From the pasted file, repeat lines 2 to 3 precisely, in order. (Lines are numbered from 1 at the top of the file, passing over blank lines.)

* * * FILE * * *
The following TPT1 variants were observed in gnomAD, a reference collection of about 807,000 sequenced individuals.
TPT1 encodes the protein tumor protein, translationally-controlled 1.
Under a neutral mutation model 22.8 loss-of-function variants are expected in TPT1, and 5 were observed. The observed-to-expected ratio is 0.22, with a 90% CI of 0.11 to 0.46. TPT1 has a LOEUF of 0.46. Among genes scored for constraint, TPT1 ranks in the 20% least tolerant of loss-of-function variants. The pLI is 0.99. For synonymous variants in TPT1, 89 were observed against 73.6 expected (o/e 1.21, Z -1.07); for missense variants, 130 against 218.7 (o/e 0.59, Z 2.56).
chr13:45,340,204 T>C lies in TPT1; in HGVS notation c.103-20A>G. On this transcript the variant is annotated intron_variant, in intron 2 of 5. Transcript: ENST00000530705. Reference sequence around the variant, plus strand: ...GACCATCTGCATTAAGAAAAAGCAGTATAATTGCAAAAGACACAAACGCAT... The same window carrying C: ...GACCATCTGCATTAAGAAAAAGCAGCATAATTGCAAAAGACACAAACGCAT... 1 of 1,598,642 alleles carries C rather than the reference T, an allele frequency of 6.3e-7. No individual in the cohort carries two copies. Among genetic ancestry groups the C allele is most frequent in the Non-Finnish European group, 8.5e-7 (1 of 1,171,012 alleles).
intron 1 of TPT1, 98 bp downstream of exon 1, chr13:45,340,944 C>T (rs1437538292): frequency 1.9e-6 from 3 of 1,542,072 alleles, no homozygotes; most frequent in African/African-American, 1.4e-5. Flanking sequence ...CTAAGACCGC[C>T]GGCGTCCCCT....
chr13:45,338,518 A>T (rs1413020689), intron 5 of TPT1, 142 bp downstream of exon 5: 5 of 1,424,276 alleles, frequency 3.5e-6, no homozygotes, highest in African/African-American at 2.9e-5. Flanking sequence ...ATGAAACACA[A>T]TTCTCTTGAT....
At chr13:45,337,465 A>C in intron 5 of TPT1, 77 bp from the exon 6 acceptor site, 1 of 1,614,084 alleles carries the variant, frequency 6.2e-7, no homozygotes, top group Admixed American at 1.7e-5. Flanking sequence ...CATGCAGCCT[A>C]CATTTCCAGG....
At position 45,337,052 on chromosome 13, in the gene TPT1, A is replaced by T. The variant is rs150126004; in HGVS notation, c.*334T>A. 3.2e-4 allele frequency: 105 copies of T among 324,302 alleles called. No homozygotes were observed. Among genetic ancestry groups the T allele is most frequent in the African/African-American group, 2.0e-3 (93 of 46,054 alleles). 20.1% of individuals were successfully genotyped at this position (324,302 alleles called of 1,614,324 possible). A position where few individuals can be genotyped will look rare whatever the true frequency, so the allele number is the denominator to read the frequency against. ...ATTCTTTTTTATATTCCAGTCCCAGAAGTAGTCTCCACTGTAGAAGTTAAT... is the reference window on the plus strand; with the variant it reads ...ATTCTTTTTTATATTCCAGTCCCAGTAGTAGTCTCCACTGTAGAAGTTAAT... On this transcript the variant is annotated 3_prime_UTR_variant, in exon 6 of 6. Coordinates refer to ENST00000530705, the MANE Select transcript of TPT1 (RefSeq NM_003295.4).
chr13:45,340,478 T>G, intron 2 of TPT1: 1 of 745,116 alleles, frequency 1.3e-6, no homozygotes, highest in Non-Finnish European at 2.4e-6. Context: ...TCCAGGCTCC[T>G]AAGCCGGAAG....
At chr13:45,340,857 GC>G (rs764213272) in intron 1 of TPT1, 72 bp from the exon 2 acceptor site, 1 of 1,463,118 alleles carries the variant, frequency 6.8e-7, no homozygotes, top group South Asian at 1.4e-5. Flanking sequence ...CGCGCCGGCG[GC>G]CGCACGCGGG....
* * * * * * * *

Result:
TPT1 encodes the protein tumor protein, translationally-controlled 1.
Under a neutral mutation model 22.8 loss-of-function variants are expected in TPT1, and 5 were observed. The observed-to-expected ratio is 0.22, with a 90% CI of 0.11 to 0.46. TPT1 has a LOEUF of 0.46. Among genes scored for constraint, TPT1 ranks in the 20% least tolerant of loss-of-function variants. The pLI is 0.99. For synonymous variants in TPT1, 89 were observed against 73.6 expected (o/e 1.21, Z -1.07); for missense variants, 130 against 218.7 (o/e 0.59, Z 2.56).